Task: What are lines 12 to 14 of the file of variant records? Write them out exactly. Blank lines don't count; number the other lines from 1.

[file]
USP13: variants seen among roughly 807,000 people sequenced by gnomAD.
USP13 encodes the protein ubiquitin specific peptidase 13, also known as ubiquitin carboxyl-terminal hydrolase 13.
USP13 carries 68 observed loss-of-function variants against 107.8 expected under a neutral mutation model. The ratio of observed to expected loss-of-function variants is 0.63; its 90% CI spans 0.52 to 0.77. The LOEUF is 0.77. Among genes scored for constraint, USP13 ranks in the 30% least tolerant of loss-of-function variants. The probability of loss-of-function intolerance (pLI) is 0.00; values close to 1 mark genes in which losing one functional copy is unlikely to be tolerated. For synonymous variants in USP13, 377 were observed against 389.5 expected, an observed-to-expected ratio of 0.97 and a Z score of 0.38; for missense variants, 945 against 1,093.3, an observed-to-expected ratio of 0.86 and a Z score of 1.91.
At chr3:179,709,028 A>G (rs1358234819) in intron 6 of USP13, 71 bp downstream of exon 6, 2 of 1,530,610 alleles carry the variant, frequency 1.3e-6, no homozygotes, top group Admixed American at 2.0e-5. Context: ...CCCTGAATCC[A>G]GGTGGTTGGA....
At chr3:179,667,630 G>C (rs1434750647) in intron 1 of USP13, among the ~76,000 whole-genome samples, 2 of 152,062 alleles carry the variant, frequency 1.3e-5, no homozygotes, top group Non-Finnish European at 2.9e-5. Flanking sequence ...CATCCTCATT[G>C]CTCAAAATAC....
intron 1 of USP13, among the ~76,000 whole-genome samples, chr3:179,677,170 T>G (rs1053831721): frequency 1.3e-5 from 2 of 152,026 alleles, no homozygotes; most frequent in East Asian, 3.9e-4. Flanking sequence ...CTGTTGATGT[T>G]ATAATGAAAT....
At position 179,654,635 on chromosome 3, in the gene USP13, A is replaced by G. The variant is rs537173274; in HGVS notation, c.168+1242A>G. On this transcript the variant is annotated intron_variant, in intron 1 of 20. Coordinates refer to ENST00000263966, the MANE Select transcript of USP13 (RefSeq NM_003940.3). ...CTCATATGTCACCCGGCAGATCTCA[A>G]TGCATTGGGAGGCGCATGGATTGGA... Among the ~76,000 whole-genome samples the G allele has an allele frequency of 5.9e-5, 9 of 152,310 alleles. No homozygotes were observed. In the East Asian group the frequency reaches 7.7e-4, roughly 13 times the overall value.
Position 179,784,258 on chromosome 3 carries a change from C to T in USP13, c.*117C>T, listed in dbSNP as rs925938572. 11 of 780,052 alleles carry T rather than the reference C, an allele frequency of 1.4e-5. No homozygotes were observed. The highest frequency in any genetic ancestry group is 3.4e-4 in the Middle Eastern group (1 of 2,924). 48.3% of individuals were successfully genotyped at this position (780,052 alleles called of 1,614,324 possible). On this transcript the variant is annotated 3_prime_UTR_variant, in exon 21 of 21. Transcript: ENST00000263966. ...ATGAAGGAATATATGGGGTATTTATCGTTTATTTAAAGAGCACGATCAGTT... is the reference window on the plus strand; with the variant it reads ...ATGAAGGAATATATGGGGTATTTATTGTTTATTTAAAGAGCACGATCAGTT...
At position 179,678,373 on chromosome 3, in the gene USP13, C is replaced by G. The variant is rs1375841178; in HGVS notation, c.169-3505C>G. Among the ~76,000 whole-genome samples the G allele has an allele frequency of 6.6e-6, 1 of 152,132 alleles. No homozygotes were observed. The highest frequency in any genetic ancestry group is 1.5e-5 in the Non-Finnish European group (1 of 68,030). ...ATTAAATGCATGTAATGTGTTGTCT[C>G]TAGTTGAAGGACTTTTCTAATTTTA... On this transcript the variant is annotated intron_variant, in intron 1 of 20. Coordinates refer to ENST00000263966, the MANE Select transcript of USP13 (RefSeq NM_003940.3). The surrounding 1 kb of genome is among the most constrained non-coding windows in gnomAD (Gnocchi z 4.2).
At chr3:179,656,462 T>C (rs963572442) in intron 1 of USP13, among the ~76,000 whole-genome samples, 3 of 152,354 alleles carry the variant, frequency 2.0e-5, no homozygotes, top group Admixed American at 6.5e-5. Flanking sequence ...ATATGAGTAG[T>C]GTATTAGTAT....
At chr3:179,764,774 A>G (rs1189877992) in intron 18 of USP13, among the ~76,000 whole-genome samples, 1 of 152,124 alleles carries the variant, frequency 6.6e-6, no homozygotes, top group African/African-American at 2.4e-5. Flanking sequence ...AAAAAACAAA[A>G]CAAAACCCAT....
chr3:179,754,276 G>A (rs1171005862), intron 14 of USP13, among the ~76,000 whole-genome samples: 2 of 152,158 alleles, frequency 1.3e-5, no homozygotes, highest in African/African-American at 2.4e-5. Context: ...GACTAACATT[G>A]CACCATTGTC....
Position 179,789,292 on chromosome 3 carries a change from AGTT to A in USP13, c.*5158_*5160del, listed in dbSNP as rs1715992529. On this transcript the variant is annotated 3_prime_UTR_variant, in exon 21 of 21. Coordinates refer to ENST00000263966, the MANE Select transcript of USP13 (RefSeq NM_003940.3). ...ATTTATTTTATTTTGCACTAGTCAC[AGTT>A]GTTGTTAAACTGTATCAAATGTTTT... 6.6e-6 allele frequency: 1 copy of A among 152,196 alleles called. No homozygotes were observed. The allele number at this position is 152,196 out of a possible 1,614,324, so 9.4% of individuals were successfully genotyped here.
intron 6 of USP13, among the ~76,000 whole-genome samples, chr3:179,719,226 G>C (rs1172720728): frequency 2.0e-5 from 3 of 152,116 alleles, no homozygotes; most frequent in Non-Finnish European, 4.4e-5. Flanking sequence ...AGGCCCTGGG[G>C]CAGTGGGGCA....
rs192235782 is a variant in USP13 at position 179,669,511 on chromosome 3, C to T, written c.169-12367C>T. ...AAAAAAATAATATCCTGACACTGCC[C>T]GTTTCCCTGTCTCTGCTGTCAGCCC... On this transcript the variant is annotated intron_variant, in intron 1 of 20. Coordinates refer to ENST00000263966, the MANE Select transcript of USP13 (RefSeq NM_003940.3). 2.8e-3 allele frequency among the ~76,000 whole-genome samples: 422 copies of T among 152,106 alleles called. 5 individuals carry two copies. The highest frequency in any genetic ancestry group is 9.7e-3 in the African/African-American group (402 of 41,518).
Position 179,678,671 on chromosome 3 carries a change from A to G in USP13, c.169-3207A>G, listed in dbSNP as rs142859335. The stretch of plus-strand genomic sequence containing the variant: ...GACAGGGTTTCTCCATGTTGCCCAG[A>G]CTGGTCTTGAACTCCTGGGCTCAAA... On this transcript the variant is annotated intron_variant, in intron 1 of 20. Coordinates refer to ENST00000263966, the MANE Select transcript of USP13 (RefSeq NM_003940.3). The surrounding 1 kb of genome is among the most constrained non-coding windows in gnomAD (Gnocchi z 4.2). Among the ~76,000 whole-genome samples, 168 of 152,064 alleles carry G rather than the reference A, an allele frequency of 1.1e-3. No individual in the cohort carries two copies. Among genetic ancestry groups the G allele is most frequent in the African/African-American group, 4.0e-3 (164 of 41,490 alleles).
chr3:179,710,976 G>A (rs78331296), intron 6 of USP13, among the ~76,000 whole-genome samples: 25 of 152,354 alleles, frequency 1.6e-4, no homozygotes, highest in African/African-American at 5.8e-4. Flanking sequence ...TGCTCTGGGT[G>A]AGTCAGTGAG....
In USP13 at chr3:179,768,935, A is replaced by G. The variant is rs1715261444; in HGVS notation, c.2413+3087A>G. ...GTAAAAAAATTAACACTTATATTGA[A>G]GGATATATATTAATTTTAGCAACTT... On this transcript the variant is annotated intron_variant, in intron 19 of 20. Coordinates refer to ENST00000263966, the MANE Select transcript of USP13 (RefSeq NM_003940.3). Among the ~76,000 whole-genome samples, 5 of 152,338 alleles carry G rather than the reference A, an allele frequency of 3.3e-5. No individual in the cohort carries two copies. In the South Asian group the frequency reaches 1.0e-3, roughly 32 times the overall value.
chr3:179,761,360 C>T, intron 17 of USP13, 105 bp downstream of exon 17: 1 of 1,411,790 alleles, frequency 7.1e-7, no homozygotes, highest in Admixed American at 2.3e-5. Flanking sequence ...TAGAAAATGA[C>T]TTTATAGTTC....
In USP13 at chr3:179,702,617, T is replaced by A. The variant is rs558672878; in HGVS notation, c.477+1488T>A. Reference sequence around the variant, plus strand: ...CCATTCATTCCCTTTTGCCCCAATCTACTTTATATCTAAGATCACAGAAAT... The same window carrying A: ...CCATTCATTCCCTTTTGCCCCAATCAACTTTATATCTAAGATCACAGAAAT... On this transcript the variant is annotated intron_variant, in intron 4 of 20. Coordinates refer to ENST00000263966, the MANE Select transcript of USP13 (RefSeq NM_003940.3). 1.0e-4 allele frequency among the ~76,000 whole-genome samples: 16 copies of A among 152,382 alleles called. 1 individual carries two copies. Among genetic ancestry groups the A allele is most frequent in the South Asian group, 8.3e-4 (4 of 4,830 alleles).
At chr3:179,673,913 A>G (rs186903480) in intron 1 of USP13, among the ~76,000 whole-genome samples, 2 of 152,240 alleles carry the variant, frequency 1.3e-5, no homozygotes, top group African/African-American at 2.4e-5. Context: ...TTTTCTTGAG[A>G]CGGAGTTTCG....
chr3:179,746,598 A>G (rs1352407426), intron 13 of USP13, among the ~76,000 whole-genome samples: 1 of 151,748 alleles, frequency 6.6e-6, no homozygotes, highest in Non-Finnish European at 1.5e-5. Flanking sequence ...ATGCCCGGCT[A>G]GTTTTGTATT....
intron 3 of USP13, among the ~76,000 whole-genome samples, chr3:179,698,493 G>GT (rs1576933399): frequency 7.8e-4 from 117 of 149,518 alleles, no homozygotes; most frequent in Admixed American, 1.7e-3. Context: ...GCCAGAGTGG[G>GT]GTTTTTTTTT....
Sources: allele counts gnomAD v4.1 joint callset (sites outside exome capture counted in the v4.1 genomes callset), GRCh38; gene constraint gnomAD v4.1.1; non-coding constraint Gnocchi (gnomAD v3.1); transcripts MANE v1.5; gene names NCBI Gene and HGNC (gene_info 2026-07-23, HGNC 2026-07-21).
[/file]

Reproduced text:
chr3:179,754,276 G>A (rs1171005862), intron 14 of USP13, among the ~76,000 whole-genome samples: 2 of 152,158 alleles, frequency 1.3e-5, no homozygotes, highest in African/African-American at 2.4e-5. Context: ...GACTAACATT[G>A]CACCATTGTC....
Position 179,789,292 on chromosome 3 carries a change from AGTT to A in USP13, c.*5158_*5160del, listed in dbSNP as rs1715992529. On this transcript the variant is annotated 3_prime_UTR_variant, in exon 21 of 21. Coordinates refer to ENST00000263966, the MANE Select transcript of USP13 (RefSeq NM_003940.3). ...ATTTATTTTATTTTGCACTAGTCAC[AGTT>A]GTTGTTAAACTGTATCAAATGTTTT... 6.6e-6 allele frequency: 1 copy of A among 152,196 alleles called. No homozygotes were observed. The allele number at this position is 152,196 out of a possible 1,614,324, so 9.4% of individuals were successfully genotyped here.
intron 6 of USP13, among the ~76,000 whole-genome samples, chr3:179,719,226 G>C (rs1172720728): frequency 2.0e-5 from 3 of 152,116 alleles, no homozygotes; most frequent in Non-Finnish European, 4.4e-5. Flanking sequence ...AGGCCCTGGG[G>C]CAGTGGGGCA....